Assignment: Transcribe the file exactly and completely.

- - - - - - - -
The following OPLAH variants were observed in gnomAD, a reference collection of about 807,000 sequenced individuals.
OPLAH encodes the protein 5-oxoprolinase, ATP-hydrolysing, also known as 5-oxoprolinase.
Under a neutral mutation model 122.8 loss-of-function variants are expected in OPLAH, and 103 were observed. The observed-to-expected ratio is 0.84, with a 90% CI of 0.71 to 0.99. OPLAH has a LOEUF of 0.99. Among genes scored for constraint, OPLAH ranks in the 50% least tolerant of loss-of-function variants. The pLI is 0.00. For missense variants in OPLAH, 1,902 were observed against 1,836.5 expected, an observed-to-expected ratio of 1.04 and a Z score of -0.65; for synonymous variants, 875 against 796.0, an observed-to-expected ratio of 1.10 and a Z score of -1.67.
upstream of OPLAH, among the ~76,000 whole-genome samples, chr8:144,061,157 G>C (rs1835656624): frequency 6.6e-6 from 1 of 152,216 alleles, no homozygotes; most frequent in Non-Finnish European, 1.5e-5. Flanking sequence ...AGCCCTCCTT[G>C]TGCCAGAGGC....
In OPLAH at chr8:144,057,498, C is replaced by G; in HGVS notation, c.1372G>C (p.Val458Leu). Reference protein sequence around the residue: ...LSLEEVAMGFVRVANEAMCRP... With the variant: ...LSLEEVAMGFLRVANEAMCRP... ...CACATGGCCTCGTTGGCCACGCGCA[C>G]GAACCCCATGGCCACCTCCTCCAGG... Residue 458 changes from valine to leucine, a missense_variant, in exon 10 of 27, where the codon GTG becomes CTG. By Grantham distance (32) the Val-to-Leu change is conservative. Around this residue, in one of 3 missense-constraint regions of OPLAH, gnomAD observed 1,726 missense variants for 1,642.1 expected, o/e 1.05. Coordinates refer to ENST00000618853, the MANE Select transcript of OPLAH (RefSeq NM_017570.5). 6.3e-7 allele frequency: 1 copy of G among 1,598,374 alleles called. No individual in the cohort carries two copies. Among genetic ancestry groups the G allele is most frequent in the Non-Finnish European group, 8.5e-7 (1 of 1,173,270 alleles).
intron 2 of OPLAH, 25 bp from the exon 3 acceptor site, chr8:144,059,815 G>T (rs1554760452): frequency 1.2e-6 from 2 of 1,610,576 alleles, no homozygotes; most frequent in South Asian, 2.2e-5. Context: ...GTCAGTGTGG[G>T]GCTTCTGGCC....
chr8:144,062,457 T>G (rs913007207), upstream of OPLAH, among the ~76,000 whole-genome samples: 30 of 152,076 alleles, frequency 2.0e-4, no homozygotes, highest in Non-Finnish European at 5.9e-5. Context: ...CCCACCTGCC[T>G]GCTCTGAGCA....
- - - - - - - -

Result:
The following OPLAH variants were observed in gnomAD, a reference collection of about 807,000 sequenced individuals.
OPLAH encodes the protein 5-oxoprolinase, ATP-hydrolysing, also known as 5-oxoprolinase.
Under a neutral mutation model 122.8 loss-of-function variants are expected in OPLAH, and 103 were observed. The observed-to-expected ratio is 0.84, with a 90% CI of 0.71 to 0.99. OPLAH has a LOEUF of 0.99. Among genes scored for constraint, OPLAH ranks in the 50% least tolerant of loss-of-function variants. The pLI is 0.00. For missense variants in OPLAH, 1,902 were observed against 1,836.5 expected, an observed-to-expected ratio of 1.04 and a Z score of -0.65; for synonymous variants, 875 against 796.0, an observed-to-expected ratio of 1.10 and a Z score of -1.67.
upstream of OPLAH, among the ~76,000 whole-genome samples, chr8:144,061,157 G>C (rs1835656624): frequency 6.6e-6 from 1 of 152,216 alleles, no homozygotes; most frequent in Non-Finnish European, 1.5e-5. Flanking sequence ...AGCCCTCCTT[G>C]TGCCAGAGGC....
In OPLAH at chr8:144,057,498, C is replaced by G; in HGVS notation, c.1372G>C (p.Val458Leu). Reference protein sequence around the residue: ...LSLEEVAMGFVRVANEAMCRP... With the variant: ...LSLEEVAMGFLRVANEAMCRP... ...CACATGGCCTCGTTGGCCACGCGCA[C>G]GAACCCCATGGCCACCTCCTCCAGG... Residue 458 changes from valine to leucine, a missense_variant, in exon 10 of 27, where the codon GTG becomes CTG. By Grantham distance (32) the Val-to-Leu change is conservative. Around this residue, in one of 3 missense-constraint regions of OPLAH, gnomAD observed 1,726 missense variants for 1,642.1 expected, o/e 1.05. Coordinates refer to ENST00000618853, the MANE Select transcript of OPLAH (RefSeq NM_017570.5). 6.3e-7 allele frequency: 1 copy of G among 1,598,374 alleles called. No individual in the cohort carries two copies. Among genetic ancestry groups the G allele is most frequent in the Non-Finnish European group, 8.5e-7 (1 of 1,173,270 alleles).
intron 2 of OPLAH, 25 bp from the exon 3 acceptor site, chr8:144,059,815 G>T (rs1554760452): frequency 1.2e-6 from 2 of 1,610,576 alleles, no homozygotes; most frequent in South Asian, 2.2e-5. Context: ...GTCAGTGTGG[G>T]GCTTCTGGCC....
chr8:144,062,457 T>G (rs913007207), upstream of OPLAH, among the ~76,000 whole-genome samples: 30 of 152,076 alleles, frequency 2.0e-4, no homozygotes, highest in Non-Finnish European at 5.9e-5. Context: ...CCCACCTGCC[T>G]GCTCTGAGCA....